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Fox may have a proclivity for equating feeling with decibels, but his playing is characterized by careful attention to rhythm and phrasing. Even his critics concede that he possesses one of the century's greatest organ-virtuoso techniques. Born in Princeton, Ill., where his mother was alto soloist in the Lutheran church and his father owned the local moviehouse and was the "best auctioneer the state of Illinois has ever seen," Fox began piano lessons at eight. A year later he discovered an old organ in a barn and taught himself to play, practicing up to 16 hours a day. At ten he was the organist of the First Presbyterian Church. At 20 he graduated with top honors from Baltimore's Peabody Conservatory of Music, then studied with the celebrated French organist Marcel Dupré before returning to head Peabody's organ department at 26.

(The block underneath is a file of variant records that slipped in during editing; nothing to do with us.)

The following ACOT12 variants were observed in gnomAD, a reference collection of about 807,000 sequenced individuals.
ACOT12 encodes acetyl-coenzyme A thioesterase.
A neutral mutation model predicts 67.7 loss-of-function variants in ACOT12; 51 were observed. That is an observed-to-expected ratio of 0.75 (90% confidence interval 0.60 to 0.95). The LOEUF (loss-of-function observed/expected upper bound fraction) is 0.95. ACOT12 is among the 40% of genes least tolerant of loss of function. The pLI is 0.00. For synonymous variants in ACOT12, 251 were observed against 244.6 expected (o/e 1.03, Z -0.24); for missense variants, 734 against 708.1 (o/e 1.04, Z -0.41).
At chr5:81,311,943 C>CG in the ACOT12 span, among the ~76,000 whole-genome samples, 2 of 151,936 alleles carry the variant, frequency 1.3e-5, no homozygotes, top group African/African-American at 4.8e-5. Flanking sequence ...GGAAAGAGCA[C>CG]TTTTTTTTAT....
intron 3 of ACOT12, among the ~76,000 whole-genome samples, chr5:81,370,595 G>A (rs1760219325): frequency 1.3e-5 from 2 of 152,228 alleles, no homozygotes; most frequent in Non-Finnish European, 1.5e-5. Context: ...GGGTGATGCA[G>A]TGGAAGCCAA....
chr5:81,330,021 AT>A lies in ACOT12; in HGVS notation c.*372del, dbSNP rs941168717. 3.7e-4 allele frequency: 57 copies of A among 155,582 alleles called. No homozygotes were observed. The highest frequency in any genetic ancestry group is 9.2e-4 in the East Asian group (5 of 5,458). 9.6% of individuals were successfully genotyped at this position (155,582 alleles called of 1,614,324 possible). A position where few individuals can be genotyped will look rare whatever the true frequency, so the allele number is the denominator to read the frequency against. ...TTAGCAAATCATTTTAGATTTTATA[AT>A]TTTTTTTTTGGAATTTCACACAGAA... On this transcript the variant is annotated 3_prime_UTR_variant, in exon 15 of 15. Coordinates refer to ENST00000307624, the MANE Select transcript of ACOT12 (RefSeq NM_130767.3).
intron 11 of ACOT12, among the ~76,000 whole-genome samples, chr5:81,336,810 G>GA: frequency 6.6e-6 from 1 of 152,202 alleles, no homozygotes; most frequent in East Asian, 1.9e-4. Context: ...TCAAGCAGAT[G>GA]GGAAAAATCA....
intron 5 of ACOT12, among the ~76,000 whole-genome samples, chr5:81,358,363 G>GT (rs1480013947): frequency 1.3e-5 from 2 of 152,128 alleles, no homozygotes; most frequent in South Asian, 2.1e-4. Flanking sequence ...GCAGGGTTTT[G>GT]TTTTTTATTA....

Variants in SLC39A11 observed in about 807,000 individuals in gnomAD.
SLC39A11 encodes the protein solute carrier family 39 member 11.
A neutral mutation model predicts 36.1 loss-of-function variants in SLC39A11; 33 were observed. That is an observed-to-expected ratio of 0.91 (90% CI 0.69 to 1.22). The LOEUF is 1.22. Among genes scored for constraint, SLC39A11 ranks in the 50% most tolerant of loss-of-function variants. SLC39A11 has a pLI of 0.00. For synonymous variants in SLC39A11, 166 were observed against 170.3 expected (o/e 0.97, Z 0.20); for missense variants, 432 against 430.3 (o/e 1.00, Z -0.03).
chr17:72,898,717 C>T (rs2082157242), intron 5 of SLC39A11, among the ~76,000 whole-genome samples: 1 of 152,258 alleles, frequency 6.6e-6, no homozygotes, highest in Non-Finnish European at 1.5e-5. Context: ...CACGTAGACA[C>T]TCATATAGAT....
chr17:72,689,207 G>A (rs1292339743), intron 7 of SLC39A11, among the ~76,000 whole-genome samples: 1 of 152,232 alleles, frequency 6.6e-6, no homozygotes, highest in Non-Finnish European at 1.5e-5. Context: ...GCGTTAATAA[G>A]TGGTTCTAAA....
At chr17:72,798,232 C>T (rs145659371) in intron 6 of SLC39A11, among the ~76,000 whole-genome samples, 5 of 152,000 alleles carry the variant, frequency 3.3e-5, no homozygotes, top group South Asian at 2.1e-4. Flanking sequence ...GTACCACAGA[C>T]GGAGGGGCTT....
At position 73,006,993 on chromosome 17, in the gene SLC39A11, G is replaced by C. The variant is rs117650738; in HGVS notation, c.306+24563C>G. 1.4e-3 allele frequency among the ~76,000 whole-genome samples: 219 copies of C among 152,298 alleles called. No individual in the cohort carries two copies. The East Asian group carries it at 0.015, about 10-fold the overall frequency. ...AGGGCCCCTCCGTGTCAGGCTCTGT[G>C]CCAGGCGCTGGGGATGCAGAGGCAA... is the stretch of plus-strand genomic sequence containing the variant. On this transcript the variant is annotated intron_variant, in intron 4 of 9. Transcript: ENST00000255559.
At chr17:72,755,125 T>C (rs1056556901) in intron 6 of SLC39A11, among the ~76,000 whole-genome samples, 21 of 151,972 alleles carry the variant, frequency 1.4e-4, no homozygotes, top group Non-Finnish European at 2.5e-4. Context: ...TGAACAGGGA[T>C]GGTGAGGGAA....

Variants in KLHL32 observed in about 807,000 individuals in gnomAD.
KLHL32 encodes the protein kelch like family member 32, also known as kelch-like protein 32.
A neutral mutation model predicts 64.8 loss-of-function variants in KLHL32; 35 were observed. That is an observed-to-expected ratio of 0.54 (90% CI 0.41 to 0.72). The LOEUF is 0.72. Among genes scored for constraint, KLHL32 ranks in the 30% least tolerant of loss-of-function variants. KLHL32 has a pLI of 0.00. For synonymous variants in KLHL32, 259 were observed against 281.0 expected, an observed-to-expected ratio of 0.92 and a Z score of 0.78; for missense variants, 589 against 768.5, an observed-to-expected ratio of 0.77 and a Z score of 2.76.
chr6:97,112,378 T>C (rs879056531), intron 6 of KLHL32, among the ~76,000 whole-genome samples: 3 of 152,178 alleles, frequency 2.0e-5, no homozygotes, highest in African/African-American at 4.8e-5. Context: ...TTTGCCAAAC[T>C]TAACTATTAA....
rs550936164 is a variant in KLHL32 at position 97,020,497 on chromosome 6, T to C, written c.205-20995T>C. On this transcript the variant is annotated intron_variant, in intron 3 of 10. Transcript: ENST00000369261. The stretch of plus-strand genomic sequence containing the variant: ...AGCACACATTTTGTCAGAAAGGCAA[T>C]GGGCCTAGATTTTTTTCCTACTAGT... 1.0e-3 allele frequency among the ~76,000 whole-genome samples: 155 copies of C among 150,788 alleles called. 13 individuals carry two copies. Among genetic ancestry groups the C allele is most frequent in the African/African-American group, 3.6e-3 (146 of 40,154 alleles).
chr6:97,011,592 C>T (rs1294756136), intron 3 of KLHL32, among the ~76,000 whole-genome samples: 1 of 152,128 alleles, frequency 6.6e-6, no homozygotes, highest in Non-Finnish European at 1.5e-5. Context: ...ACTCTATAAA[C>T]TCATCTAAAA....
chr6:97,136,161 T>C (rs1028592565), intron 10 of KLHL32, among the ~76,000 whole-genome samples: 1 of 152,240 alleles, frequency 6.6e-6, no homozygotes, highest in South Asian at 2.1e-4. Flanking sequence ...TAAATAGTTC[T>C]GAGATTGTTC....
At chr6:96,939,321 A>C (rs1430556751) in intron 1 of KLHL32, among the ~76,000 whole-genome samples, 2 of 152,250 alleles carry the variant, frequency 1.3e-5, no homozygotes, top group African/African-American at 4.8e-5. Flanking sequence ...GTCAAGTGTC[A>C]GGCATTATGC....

A bachelor, Fox lives in a 26-room gray stone mansion in Englewood, N.J. He keeps himself fit swimming 30 laps daily in his 70-ft. heated indoor pool. He usually takes his dip after a midnight-to-3 a.m. practice session. Then he retires around 5 a.m. and rises at 3 the next afternoon. "I had to wait until I was 58 years of age till I reached the height of my usefulness," Fox explains. "People need Bach and God, and there ain't one violinist or singer that can give the sweeping feeling an organist can. I play the king of instruments."